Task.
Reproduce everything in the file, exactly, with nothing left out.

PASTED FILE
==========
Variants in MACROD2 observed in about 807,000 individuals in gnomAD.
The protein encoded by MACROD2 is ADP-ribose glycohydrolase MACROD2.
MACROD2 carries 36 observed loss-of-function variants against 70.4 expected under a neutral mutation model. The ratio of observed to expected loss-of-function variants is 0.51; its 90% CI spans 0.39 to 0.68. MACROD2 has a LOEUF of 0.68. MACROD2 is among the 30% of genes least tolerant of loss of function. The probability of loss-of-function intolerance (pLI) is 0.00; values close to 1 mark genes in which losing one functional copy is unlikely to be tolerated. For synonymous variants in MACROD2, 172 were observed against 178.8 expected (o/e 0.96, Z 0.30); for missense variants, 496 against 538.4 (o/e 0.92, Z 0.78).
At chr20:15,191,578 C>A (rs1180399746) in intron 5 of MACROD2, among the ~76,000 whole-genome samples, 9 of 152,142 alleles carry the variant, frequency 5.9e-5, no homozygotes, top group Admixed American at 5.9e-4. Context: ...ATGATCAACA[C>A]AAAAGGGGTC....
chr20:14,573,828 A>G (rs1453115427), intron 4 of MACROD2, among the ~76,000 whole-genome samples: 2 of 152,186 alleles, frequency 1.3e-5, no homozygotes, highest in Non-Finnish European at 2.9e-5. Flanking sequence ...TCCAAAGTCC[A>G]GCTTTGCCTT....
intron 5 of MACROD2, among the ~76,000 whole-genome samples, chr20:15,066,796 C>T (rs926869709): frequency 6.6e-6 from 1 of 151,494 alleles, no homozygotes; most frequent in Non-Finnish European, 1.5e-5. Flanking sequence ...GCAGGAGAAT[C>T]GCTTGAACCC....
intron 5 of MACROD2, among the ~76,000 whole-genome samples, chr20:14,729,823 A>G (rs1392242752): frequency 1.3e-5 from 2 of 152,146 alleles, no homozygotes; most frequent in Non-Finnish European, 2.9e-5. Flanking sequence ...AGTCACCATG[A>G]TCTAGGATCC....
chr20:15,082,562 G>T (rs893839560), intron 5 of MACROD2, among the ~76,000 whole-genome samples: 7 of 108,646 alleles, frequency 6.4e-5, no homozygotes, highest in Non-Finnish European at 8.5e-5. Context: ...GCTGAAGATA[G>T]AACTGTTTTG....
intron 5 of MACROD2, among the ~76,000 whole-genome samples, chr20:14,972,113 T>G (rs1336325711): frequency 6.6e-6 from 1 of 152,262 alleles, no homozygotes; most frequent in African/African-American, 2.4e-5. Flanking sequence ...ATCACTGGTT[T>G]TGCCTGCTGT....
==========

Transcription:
Variants in MACROD2 observed in about 807,000 individuals in gnomAD.
The protein encoded by MACROD2 is ADP-ribose glycohydrolase MACROD2.
MACROD2 carries 36 observed loss-of-function variants against 70.4 expected under a neutral mutation model. The ratio of observed to expected loss-of-function variants is 0.51; its 90% CI spans 0.39 to 0.68. MACROD2 has a LOEUF of 0.68. MACROD2 is among the 30% of genes least tolerant of loss of function. The probability of loss-of-function intolerance (pLI) is 0.00; values close to 1 mark genes in which losing one functional copy is unlikely to be tolerated. For synonymous variants in MACROD2, 172 were observed against 178.8 expected (o/e 0.96, Z 0.30); for missense variants, 496 against 538.4 (o/e 0.92, Z 0.78).
At chr20:15,191,578 C>A (rs1180399746) in intron 5 of MACROD2, among the ~76,000 whole-genome samples, 9 of 152,142 alleles carry the variant, frequency 5.9e-5, no homozygotes, top group Admixed American at 5.9e-4. Context: ...ATGATCAACA[C>A]AAAAGGGGTC....
chr20:14,573,828 A>G (rs1453115427), intron 4 of MACROD2, among the ~76,000 whole-genome samples: 2 of 152,186 alleles, frequency 1.3e-5, no homozygotes, highest in Non-Finnish European at 2.9e-5. Flanking sequence ...TCCAAAGTCC[A>G]GCTTTGCCTT....
intron 5 of MACROD2, among the ~76,000 whole-genome samples, chr20:15,066,796 C>T (rs926869709): frequency 6.6e-6 from 1 of 151,494 alleles, no homozygotes; most frequent in Non-Finnish European, 1.5e-5. Flanking sequence ...GCAGGAGAAT[C>T]GCTTGAACCC....
intron 5 of MACROD2, among the ~76,000 whole-genome samples, chr20:14,729,823 A>G (rs1392242752): frequency 1.3e-5 from 2 of 152,146 alleles, no homozygotes; most frequent in Non-Finnish European, 2.9e-5. Flanking sequence ...AGTCACCATG[A>G]TCTAGGATCC....
chr20:15,082,562 G>T (rs893839560), intron 5 of MACROD2, among the ~76,000 whole-genome samples: 7 of 108,646 alleles, frequency 6.4e-5, no homozygotes, highest in Non-Finnish European at 8.5e-5. Context: ...GCTGAAGATA[G>T]AACTGTTTTG....
intron 5 of MACROD2, among the ~76,000 whole-genome samples, chr20:14,972,113 T>G (rs1336325711): frequency 6.6e-6 from 1 of 152,262 alleles, no homozygotes; most frequent in African/African-American, 2.4e-5. Flanking sequence ...ATCACTGGTT[T>G]TGCCTGCTGT....